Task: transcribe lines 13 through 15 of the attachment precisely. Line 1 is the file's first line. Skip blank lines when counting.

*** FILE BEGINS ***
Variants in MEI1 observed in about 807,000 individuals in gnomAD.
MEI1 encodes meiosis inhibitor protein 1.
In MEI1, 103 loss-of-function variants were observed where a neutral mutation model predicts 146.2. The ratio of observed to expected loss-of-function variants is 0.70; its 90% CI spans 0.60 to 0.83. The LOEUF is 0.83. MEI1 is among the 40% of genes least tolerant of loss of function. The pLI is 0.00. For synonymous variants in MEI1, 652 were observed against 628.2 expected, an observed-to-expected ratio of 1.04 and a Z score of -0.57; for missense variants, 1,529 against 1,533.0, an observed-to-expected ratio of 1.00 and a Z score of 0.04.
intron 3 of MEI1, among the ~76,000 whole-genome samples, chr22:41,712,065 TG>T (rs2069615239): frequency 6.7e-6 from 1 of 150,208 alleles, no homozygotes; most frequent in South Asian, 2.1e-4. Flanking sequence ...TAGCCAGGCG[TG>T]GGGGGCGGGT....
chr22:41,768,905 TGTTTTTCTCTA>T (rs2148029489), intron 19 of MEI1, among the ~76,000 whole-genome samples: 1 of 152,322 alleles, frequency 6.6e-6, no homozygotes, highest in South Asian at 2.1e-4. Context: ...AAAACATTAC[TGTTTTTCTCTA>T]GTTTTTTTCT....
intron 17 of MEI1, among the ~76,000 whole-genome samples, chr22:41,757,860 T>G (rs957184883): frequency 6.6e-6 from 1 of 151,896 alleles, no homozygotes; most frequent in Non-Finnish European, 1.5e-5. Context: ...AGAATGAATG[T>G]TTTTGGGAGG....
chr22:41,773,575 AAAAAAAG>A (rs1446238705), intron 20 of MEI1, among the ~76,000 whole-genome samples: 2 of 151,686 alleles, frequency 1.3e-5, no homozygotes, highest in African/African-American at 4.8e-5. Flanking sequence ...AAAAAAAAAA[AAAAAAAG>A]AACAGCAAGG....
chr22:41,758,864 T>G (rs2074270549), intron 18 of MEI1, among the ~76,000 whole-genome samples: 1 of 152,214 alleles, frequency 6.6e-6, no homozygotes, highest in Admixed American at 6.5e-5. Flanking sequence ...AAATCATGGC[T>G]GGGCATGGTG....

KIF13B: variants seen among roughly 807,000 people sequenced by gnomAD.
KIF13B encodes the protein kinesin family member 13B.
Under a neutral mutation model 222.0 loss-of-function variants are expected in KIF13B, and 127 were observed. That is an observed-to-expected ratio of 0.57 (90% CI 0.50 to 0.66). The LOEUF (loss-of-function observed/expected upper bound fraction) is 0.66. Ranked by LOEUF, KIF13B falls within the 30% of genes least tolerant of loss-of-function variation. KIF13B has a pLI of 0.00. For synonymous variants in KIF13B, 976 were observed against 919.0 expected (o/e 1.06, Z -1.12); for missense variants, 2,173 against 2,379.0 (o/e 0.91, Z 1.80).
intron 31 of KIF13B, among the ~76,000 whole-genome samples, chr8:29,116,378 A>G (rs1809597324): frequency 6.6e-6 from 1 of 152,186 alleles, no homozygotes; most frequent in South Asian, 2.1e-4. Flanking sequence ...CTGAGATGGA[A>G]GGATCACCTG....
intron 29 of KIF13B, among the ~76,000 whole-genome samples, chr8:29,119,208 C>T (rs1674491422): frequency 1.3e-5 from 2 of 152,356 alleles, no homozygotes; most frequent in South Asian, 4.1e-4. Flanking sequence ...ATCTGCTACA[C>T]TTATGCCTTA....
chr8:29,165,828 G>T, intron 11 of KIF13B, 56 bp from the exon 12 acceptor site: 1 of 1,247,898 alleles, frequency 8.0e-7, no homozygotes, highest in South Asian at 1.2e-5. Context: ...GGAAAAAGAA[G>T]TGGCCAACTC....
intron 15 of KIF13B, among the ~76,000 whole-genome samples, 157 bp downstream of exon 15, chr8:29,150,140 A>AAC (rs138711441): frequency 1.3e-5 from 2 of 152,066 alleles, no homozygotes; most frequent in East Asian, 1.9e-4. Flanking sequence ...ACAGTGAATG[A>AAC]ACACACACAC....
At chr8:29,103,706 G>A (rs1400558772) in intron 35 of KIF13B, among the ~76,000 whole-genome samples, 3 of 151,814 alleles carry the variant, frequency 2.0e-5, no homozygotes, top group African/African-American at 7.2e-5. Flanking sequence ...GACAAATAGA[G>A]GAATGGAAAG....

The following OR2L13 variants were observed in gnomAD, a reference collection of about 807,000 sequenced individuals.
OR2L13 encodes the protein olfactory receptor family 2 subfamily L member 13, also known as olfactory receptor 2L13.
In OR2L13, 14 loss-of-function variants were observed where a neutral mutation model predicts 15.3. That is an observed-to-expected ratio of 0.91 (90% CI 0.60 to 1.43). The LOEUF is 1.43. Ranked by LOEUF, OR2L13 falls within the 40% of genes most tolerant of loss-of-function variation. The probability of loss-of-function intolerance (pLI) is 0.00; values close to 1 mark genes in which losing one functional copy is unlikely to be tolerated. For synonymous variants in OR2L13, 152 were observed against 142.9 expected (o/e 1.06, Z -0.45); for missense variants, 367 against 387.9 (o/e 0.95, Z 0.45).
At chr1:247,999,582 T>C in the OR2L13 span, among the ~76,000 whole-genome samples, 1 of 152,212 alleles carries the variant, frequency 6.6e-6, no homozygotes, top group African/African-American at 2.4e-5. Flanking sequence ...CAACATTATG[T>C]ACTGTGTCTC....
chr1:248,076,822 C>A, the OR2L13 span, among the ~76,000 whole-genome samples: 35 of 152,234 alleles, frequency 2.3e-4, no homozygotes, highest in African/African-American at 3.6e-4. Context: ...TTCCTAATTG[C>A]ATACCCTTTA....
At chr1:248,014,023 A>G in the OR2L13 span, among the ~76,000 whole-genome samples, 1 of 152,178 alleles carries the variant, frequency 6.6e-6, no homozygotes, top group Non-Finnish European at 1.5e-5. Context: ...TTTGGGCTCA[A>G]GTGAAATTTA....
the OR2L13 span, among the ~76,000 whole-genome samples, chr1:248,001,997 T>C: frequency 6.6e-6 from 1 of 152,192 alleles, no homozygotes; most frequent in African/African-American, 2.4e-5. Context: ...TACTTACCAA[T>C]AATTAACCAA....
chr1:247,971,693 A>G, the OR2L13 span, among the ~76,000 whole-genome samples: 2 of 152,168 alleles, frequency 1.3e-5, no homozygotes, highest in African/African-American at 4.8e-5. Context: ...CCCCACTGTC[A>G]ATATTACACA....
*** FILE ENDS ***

intron 29 of KIF13B, among the ~76,000 whole-genome samples, chr8:29,119,208 C>T (rs1674491422): frequency 1.3e-5 from 2 of 152,356 alleles, no homozygotes; most frequent in South Asian, 4.1e-4. Flanking sequence ...ATCTGCTACA[C>T]TTATGCCTTA....
chr8:29,165,828 G>T, intron 11 of KIF13B, 56 bp from the exon 12 acceptor site: 1 of 1,247,898 alleles, frequency 8.0e-7, no homozygotes, highest in South Asian at 1.2e-5. Context: ...GGAAAAAGAA[G>T]TGGCCAACTC....
intron 15 of KIF13B, among the ~76,000 whole-genome samples, 157 bp downstream of exon 15, chr8:29,150,140 A>AAC (rs138711441): frequency 1.3e-5 from 2 of 152,066 alleles, no homozygotes; most frequent in East Asian, 1.9e-4. Flanking sequence ...ACAGTGAATG[A>AAC]ACACACACAC....